By Haley Stephenson
Three days before the decisive Battle of Gettysburg, General Joseph Hooker, leader of the Union Army, resigned from his post. President Abraham Lincoln asked General John Reynolds to fill the position. Reynolds, who disliked the political strings attached to the job and preferred to lead his soldiers in battle, turned Lincoln down. A few days later at Gettysburg, while positioning his first line of infantry in close proximity to the enemy, Reynolds was shot and killed.
Fast-forward nearly a century and a half. At eight o’clock on a pleasant June morning, the graduates of the inaugural yearlong Systems Engineering Leadership Development Program (SELDP) stood in the shadow of an enormous statue of General Reynolds on horseback and pondered the first of many leadership questions for the day: do you lead from the front or the back, and how close to the front is too close?
The engineers listened attentively to Lieutenant Colonel Gregory D. Hillebrand of the United States Air Force stationed at the U.S. Army War College, their guide for the day. Reynolds’s leadership from the front, while noble, explained Hillebrand, didn’t work out well. Leaders of the day struggled with this question of leadership location: too far back and they were viewed as cowards and had less control over their men; too far forward and they were seen as brave, but at much greater risk of dying. The loss of a good leader threatened a unit’s ability to operate. This problem resonated with Deborah Crane, an SELDP graduate from Marshall Space Flight Center. “Rather than always being up front and directing people and telling people what to do,” she said, “you lead from the back and you help people find the direction to lead themselves and others as well.”
The inspiration for this learning experience came from SELDP Director Christine Williams, who wanted to give the graduates a unique encounter with leadership challenges they had wrestled with for the past year in forums, technical training, and hands-on developmental assignments at an unfamiliar NASA center. “Seeing the consequences of leaders’ decisions and how they affect the outcome when life and death are on the line is a strong lesson they tend to remember for a long time,” she said.
Information and Communication
A lesson about the importance of getting good information came from the Confederate side. On the eve of battle, Confederate General Robert E. Lee believed the seven Federal Army corps were scattered far to the south and east, with the closest located in the vicinity of Frederick, Maryland, so he was surprised by news from a spy that Federal forces were assembling in the little town just below them called Gettysburg. Because J.E.B. Stuart, his mischievous but usually reliable cavalry commander, had been out of touch longer than usual, Lee was forced to act on information he did not fully trust. The spy’s information was legitimate, but the lack of certainty put Lee’s army in an uncomfortable position from the start.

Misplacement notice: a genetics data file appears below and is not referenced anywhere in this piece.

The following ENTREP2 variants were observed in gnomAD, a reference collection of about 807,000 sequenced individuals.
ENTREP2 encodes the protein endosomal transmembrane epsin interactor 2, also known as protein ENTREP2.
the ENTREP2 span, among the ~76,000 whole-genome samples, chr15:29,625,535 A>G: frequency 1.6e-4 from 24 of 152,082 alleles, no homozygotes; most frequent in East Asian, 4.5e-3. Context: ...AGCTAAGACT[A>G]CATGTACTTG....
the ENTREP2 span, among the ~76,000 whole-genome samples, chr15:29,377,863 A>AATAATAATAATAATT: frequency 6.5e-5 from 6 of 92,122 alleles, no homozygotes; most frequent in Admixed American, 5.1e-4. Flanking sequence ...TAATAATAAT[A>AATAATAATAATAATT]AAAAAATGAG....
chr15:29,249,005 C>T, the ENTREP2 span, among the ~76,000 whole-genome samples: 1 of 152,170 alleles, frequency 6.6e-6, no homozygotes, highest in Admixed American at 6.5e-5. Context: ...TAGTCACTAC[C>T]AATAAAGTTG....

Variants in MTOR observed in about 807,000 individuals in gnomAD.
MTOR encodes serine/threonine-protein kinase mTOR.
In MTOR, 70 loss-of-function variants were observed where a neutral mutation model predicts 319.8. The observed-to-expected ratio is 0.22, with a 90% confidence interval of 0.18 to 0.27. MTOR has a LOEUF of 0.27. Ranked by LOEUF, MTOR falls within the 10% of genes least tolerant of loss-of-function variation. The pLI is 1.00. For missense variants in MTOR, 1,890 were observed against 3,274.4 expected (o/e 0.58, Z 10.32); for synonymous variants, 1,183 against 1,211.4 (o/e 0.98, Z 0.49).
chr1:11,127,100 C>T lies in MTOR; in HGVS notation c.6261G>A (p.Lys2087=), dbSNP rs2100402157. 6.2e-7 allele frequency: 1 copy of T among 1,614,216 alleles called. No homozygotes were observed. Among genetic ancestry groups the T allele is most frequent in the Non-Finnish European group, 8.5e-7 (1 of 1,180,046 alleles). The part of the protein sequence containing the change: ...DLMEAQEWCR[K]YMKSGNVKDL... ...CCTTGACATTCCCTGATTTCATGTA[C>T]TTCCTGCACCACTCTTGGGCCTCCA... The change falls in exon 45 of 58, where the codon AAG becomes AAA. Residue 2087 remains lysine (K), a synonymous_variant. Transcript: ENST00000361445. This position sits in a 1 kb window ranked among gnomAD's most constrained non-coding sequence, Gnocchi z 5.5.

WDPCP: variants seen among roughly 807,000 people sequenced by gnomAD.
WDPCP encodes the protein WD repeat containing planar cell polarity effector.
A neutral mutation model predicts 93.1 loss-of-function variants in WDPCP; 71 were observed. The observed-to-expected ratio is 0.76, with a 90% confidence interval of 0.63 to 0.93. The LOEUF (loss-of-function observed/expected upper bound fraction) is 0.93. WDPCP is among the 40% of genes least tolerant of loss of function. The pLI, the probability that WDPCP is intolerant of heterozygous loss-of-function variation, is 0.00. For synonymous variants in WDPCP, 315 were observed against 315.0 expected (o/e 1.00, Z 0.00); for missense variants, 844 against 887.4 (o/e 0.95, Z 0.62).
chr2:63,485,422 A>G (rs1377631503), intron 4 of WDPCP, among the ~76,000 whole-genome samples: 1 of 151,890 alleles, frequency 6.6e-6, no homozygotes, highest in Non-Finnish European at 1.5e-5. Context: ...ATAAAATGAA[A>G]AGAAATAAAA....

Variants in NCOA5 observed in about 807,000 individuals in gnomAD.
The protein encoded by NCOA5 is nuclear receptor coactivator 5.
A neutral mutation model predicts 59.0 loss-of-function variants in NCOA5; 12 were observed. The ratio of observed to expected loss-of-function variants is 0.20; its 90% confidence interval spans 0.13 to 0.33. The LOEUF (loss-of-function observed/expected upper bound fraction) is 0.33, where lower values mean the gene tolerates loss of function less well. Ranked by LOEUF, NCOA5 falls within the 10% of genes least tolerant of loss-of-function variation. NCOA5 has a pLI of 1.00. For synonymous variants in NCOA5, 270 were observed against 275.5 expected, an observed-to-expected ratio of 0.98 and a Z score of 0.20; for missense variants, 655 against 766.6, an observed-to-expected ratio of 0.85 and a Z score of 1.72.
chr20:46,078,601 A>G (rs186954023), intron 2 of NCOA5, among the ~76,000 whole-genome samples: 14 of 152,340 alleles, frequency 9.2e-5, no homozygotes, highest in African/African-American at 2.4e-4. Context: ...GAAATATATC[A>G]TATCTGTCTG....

The information deficit continued when Lee sent an engineer to scout the position of the gathering Federal forces near the hill called Little Round Top. The engineer reported that the Federal Army line ended well before the little hill. The next day, based on the engineer’s report, Lee sent troops to attack the Federal flank but found that the Federal line stretched all the way down to Little Round Top. Lee’s engineer had missed the presence of an entire corps of 10,000 men, Hillebrand said. “He was probably too busy looking at his map,” quipped a NASA engineer. A knowing laugh spread through the group; the engineers were familiar with the problem of missing the big picture because you were focused on the details. Perhaps, said Hillebrand with a smile, but it’s more likely the engineer scouted the wrong location or simply passed by at the wrong time.
Lee had to make a decision based on the information he had. “A lot of what we learned through the program involved methods to develop our ability and confidence to take information—or a lack of information—and make a decision and go with it,” said Crane, speaking of her SELDP experience. “Sometimes you don’t have all the information you would like to have, but a decision needs to be made.”
Successful communication poses two challenges. The first is simply getting a message from one point to another. Commands during the Civil War traveled from higher officials like Lee and George Meade in the back via men on horseback, runners, or a flag-waving system called “wig wag.” Orders trickled down to officers at the front who would walk up and down the rows of soldiers standing shoulder to shoulder, not unlike mission controllers in an operations room. The Federal Army had a communications advantage in that their forces were wrapped around the base of the eastern hills, while the Confederates had to deliver messages up and down a five-mile-long line of troops.
Today, we have cell phones, the Internet, and social media such as Twitter, but our messages still don’t always get through. “Working on Orion here, information changes so fast,” said Jerry Garcia, an SELDP graduate from Kennedy Space Center who had his hands-on assignment at Glenn Research Center. He described constant e-mail blasts conveying updates, information, and requests for the project. “I think the technologies we use to communicate sometimes hinder the intent of the message,” said Garcia, “I can get you an e-mail quickly, but did you really understand the intent?” This points to the second challenge of communication: ensuring that the recipient understands the message.
“Know yourself, know your enemy, and you can fight a hundred battles without disaster,” said Hillebrand, paraphrasing Sun Tzu. “Lee was very good at knowing who the enemy commanders were from his army days before the Civil War and from reading newspapers,” he continued, “but he wasn’t as capable at reading his own guys until bad things happened.”